1.1 Unit design
Welcome to Evaluating technology. The overarching aim of this unit is to present a body of knowledge that leads to a full understanding of the why, where, when, what, how and who of technology evaluation and assessment. The objective is to do this in a thought-provoking but accessible, instructive and useable form. The approach to the design and application of the unit has been heavily influenced by two interrelated arguments. The first is that a fundamental feature of the contemporary environment (i.e. the context) of almost every type of evaluation and assessment is its complexity. The second is that we subscribe fully to the view that ‘effective practical evaluation must be future action-directed, have both scientific and stakeholder credibility, and take an holistic approach.’ (Chen, 2005, p. 234).
Acceptance of these two arguments has two important implications for the design of the unit. First, the choice of material presented in this unit is largely generic to evaluation and assessment rather than technology specific. However, to demonstrate the importance of this material, we have either applied it to specific technological examples or provided activities that require you to do so. Second, as you work your way through this unit you will find that, in addition to the voluntary self-assessment questions (SAQs), there is a compulsory element to your active engagement with the ideas, theories, concepts and arguments that sit at the heart of this unit. This comes in the form of frequent wiki-based activities that require you to undertake research and analysis centred on either real-life case studies supplied with the unit or, where appropriate, cases of your own choosing. These activities are included as a direct response to the two arguments set out above in that they are designed to ensure you engage fully with the complexity of evaluation and assessment and to provide an action-orientated – and therefore applied – dimension to your studies. The unit team has compensated for this compulsory activity by reducing the amount of printed matter you need to read.Acceptance of these two arguments has two important implications for the design of the unit. First, the choice of material presented in this unit is largely generic to evaluation and assessment- rather than technology-specific. However, to demonstrate the importance of this material, we have either applied it to specific technological examples or provided self-assessment questions (SAQs) and activities that require you to do so. These are design to engage you with the ideas, theories, concepts and arguments that sit at the heart of this unit.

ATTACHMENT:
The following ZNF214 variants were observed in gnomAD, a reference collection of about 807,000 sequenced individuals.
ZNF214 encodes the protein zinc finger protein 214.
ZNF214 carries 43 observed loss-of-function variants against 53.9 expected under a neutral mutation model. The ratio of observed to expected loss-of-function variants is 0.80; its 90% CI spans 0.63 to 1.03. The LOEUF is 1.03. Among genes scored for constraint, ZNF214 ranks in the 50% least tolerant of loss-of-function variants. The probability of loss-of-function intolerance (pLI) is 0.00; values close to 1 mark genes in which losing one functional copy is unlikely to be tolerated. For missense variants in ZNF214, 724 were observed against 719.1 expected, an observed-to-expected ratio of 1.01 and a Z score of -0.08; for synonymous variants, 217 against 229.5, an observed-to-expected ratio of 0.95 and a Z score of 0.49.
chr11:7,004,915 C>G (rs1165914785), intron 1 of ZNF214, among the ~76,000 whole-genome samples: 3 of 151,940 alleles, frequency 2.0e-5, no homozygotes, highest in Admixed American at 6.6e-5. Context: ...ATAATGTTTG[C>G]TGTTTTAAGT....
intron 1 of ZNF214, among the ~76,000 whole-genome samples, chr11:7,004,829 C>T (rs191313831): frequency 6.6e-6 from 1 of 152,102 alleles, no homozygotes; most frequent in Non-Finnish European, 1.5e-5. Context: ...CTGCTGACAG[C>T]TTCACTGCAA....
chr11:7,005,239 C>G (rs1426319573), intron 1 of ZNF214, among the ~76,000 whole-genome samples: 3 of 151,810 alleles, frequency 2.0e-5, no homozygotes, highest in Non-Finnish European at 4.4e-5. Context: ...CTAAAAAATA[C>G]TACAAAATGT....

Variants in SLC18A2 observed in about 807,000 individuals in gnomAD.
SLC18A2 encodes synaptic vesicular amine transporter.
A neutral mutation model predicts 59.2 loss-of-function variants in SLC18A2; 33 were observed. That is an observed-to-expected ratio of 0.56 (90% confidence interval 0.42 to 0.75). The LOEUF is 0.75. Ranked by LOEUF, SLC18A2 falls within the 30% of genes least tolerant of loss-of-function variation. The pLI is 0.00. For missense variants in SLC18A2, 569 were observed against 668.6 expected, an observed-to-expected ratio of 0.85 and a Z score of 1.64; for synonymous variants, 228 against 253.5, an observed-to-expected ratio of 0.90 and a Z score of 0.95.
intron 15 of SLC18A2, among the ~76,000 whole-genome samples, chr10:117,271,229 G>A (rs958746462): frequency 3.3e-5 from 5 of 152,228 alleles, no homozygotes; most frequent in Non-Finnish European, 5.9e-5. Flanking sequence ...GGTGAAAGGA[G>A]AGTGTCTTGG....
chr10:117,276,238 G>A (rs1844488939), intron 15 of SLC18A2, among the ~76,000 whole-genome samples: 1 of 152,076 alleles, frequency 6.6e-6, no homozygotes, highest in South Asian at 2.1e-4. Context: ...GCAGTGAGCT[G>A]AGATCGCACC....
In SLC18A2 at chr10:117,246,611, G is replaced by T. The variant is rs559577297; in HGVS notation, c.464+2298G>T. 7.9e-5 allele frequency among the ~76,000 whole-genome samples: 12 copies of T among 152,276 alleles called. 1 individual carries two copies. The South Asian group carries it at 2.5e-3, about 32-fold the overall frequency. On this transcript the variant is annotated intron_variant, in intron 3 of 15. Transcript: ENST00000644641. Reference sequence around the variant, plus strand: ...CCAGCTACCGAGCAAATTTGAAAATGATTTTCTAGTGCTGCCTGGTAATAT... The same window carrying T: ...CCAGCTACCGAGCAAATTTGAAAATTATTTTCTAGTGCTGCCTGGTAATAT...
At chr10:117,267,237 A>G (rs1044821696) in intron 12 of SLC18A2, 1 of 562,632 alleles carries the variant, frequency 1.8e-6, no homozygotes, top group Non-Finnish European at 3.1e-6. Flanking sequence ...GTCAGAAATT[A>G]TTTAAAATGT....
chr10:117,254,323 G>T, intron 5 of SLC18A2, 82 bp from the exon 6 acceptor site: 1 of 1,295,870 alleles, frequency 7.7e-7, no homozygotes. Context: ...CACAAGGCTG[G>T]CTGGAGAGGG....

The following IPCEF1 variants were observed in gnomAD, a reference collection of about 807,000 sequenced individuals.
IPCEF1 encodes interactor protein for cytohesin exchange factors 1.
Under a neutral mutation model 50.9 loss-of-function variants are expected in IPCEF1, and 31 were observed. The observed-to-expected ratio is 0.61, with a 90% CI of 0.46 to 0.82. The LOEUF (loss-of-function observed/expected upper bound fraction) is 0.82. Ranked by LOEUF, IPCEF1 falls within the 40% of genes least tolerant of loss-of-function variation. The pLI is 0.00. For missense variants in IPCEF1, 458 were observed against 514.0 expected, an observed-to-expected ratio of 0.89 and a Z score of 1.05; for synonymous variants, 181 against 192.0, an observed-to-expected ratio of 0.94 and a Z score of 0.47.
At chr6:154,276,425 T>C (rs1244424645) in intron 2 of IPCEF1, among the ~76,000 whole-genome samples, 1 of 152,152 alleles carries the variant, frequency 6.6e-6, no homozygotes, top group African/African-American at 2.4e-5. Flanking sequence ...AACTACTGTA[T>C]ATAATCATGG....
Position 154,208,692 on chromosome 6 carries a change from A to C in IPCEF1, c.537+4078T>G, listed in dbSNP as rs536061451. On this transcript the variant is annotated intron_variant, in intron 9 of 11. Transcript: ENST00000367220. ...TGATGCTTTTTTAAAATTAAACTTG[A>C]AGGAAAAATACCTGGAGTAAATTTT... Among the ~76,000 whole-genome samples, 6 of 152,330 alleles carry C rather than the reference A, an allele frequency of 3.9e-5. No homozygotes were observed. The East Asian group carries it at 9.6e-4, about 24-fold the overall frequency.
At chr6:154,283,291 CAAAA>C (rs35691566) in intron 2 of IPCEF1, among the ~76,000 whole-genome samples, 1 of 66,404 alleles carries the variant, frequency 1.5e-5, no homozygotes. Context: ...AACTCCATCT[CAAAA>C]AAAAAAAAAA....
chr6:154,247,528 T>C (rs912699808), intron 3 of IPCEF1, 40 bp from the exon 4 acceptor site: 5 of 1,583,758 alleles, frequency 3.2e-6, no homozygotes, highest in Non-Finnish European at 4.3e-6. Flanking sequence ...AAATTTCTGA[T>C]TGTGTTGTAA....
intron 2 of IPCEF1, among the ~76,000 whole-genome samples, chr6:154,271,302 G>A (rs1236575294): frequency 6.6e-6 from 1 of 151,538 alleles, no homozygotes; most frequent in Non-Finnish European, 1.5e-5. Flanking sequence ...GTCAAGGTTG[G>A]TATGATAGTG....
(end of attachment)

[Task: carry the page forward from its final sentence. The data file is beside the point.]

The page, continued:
Identify a technological product you purchased recently, e.g. an iPod, a high-definition television, a car or a washing machine. Note down the pros and cons you considered when you purchased the item and looked at alternatives to it. Try to list at least ten points overall.
Keep your notes from this activity as you will need them later.